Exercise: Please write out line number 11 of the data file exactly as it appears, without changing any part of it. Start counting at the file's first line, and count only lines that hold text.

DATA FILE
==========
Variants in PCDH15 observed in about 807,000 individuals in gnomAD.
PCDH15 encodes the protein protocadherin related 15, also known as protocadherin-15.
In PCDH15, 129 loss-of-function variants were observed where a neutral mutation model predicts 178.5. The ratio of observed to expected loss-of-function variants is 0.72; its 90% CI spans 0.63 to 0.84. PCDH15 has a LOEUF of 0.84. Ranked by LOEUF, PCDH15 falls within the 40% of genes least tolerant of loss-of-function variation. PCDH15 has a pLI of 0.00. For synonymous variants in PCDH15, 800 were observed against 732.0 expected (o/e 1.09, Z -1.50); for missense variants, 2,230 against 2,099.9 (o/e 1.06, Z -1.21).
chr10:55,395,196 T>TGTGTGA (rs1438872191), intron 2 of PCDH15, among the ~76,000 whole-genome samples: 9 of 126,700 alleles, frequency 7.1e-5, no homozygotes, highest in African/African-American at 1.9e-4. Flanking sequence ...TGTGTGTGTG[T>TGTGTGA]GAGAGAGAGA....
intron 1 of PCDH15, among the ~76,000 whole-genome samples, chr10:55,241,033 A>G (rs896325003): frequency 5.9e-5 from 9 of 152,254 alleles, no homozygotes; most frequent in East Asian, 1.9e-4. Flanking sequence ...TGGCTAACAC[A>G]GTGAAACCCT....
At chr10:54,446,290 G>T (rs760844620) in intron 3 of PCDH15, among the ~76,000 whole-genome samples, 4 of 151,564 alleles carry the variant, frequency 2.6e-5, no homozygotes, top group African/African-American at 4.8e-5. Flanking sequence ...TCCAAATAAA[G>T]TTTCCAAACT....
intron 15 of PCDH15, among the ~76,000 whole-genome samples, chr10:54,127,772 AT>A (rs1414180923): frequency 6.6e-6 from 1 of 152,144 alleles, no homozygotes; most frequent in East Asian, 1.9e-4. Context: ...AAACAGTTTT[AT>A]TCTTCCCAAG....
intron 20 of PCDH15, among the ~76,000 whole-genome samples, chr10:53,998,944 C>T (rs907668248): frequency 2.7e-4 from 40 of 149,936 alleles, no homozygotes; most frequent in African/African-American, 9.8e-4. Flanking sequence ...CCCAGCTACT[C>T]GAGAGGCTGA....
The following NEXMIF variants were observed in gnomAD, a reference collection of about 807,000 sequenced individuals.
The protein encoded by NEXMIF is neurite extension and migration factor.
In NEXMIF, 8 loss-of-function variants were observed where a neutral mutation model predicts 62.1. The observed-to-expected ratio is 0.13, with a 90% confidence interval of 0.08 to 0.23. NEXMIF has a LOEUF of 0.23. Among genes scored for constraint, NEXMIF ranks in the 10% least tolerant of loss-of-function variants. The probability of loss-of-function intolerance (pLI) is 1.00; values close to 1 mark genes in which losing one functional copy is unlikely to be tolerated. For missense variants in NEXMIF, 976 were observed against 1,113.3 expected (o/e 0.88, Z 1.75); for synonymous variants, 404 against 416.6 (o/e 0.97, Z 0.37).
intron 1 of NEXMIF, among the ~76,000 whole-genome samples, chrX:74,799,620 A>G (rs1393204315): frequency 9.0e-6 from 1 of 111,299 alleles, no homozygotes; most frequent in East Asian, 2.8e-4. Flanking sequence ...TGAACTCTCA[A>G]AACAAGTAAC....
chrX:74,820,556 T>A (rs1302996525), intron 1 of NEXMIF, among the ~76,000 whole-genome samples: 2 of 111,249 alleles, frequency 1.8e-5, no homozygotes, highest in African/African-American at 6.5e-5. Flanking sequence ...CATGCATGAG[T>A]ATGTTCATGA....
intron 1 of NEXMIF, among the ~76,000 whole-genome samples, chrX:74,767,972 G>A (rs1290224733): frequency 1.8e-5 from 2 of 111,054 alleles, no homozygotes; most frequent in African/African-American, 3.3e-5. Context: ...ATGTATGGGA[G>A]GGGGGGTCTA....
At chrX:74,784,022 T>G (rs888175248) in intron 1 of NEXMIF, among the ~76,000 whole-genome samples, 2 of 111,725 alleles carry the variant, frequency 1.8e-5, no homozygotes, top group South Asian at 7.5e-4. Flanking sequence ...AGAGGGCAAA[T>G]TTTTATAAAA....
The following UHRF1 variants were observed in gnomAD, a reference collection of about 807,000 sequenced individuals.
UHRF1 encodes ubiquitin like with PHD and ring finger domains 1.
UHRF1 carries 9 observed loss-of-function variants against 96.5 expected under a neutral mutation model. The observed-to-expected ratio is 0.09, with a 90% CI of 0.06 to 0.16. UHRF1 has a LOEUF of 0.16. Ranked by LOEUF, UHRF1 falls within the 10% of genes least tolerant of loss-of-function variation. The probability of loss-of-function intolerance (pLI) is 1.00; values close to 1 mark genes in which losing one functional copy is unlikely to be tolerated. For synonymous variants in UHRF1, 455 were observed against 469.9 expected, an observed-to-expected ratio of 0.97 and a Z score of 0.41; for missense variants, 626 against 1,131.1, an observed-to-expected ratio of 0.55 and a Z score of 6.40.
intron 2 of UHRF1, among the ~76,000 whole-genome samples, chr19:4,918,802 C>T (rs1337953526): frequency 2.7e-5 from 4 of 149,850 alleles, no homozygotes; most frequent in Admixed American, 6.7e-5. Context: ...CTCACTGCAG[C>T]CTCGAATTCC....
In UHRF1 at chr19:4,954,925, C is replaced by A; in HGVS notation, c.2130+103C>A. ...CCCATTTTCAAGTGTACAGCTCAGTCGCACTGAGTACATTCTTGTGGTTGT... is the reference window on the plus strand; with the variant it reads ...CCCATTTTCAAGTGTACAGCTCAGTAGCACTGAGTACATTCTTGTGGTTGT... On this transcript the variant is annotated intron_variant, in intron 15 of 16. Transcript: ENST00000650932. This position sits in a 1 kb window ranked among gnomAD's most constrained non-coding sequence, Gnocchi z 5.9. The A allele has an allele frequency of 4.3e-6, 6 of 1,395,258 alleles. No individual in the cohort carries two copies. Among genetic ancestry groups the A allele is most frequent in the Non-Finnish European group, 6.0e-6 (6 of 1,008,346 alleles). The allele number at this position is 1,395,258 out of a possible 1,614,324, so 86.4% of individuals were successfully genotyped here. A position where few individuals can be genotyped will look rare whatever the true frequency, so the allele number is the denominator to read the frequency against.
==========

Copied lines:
In NEXMIF, 8 loss-of-function variants were observed where a neutral mutation model predicts 62.1. The observed-to-expected ratio is 0.13, with a 90% confidence interval of 0.08 to 0.23. NEXMIF has a LOEUF of 0.23. Among genes scored for constraint, NEXMIF ranks in the 10% least tolerant of loss-of-function variants. The probability of loss-of-function intolerance (pLI) is 1.00; values close to 1 mark genes in which losing one functional copy is unlikely to be tolerated. For missense variants in NEXMIF, 976 were observed against 1,113.3 expected (o/e 0.88, Z 1.75); for synonymous variants, 404 against 416.6 (o/e 0.97, Z 0.37).